Fire reduces the leaf litter that accumulates in grasslands, allowing sunlight to penetrate and warm the soil, which increases microbial activity that releases nutrients to feed new plants as they grow. Fire also helps eliminate non-native and faster-growing species like maple trees, which overshadow prairie plants and slow-growing oaks.
Before Europeans arrived, American Indian tribes actively burned prairies to improve grazing for game species, for safety (in order to see enemies as they approached), and to make travel easier.
In the Curtis Prairie at the UW Arboretum in Madison, it’s easy to see why they burned prairies to make travel easier.
Eight-foot-tall big bluestem tickled my arms and legs as I walked along a narrow path cut through the prairie. Without the trail, walking and navigating would have been a challenge.
I emerged from the tall grasses and walked into another segment of the prairie that had been burned more recently, as evidenced by the barely knee-high grasses. At least a portion of the prairie has been burned nearly every year since 1950, making it the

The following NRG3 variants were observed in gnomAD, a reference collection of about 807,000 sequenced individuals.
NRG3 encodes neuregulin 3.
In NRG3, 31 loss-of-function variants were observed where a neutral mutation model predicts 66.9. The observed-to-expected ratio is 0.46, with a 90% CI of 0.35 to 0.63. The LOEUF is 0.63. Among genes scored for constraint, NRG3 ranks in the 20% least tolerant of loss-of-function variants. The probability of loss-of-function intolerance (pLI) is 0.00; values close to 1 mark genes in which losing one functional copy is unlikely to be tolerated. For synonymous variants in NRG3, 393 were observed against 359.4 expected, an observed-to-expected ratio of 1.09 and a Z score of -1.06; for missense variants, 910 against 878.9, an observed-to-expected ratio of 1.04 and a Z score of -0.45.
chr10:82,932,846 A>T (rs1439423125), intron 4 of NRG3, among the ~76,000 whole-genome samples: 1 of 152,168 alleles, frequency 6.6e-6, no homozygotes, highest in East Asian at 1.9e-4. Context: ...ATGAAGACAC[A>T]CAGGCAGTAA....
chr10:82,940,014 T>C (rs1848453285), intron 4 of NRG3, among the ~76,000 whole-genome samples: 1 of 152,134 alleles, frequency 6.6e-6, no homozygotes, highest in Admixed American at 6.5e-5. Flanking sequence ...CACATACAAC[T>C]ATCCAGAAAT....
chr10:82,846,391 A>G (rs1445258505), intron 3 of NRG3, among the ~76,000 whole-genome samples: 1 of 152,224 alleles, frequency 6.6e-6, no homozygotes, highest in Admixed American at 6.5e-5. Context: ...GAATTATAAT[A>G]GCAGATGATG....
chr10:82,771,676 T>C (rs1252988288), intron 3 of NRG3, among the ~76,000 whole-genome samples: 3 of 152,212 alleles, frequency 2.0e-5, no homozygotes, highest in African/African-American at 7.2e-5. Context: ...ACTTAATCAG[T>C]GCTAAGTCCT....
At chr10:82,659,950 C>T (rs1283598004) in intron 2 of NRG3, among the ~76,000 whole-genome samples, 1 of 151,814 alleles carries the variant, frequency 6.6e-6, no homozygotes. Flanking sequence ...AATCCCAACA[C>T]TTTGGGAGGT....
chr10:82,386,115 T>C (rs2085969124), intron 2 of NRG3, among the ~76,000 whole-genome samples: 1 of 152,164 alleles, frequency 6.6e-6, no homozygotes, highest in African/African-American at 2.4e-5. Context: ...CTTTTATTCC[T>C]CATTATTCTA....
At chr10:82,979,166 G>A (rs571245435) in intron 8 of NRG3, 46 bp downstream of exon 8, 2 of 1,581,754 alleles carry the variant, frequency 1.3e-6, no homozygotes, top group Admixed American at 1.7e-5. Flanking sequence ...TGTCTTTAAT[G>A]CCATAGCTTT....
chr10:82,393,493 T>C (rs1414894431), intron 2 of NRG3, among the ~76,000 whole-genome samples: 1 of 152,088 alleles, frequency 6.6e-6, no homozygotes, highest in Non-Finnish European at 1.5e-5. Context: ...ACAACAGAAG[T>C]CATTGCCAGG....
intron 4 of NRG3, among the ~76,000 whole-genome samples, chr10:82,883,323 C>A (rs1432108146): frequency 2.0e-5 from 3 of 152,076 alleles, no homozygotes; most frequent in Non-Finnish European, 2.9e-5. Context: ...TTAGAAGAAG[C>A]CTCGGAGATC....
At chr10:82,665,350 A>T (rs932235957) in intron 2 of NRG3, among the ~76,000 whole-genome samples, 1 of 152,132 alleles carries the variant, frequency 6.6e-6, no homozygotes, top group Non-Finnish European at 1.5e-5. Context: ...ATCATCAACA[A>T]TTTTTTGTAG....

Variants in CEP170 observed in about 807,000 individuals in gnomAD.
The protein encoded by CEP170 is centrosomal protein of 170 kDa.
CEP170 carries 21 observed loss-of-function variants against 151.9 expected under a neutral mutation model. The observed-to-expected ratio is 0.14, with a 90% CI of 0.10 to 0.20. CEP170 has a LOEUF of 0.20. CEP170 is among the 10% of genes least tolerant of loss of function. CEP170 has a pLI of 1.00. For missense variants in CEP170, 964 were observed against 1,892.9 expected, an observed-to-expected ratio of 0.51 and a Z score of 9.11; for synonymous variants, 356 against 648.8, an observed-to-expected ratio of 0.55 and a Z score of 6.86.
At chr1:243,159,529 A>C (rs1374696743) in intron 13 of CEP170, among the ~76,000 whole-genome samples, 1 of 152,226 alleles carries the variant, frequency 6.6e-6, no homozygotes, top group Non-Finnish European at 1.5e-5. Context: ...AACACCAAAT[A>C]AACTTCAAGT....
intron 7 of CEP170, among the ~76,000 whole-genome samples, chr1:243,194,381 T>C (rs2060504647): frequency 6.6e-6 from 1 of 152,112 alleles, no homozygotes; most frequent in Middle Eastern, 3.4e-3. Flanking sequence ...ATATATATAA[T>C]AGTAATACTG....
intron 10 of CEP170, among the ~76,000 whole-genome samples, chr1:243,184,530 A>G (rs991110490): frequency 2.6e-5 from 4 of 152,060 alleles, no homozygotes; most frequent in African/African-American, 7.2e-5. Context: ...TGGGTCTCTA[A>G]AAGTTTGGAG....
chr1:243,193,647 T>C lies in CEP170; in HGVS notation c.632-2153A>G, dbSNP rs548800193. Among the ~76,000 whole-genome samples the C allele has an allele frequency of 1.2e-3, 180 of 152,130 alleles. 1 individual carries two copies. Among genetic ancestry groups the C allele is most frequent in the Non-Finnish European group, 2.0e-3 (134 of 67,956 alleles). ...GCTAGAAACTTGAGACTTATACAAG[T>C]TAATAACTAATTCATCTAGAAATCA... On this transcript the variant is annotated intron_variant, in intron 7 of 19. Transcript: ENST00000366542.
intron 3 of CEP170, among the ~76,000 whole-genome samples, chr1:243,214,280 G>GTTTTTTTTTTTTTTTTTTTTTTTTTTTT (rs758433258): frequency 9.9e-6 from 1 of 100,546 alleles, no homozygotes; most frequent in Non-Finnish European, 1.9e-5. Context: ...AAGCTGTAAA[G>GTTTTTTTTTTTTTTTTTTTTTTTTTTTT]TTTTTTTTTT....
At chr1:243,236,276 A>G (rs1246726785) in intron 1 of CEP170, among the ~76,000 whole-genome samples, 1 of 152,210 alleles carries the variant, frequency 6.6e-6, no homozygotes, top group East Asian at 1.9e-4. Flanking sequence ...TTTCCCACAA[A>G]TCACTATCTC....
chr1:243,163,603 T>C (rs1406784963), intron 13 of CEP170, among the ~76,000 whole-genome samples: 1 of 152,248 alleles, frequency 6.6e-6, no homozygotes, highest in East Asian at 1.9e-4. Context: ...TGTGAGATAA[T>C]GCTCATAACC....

oldest ecologically restored prairie in the world. That restoration work began even earlier than 1950. When the Arboretum was dedicated in 1934, work was already going on to establish representations of all of Wisconsin’s plant communities, from the
northern forests to the southern plains. A portion of the land that used to be a farm was set aside to become prairie, and the first plants were planted in 1935.
“That had never been done before. Nobody really knew how to do it,” said Michael Hansen, land care manager for the Arboretum.
Since nobody had attempted that kind of land restoration before, nobody knew how to manage things like invasive grasses, left over from the fallow farm field that was there before. University of Wisconsin-Madison botany professor John Curtis came up with the idea
of intentionally burning the prairie to kill the invasive plants. Other universities out west were doing fire research at the time, but theirs was mainly geared toward increasing forage for livestock grazing, Hansen said. The idea of using fire to restore a landscape to prairie was new. In 1940, the first experimental burn was held at the Arboretum.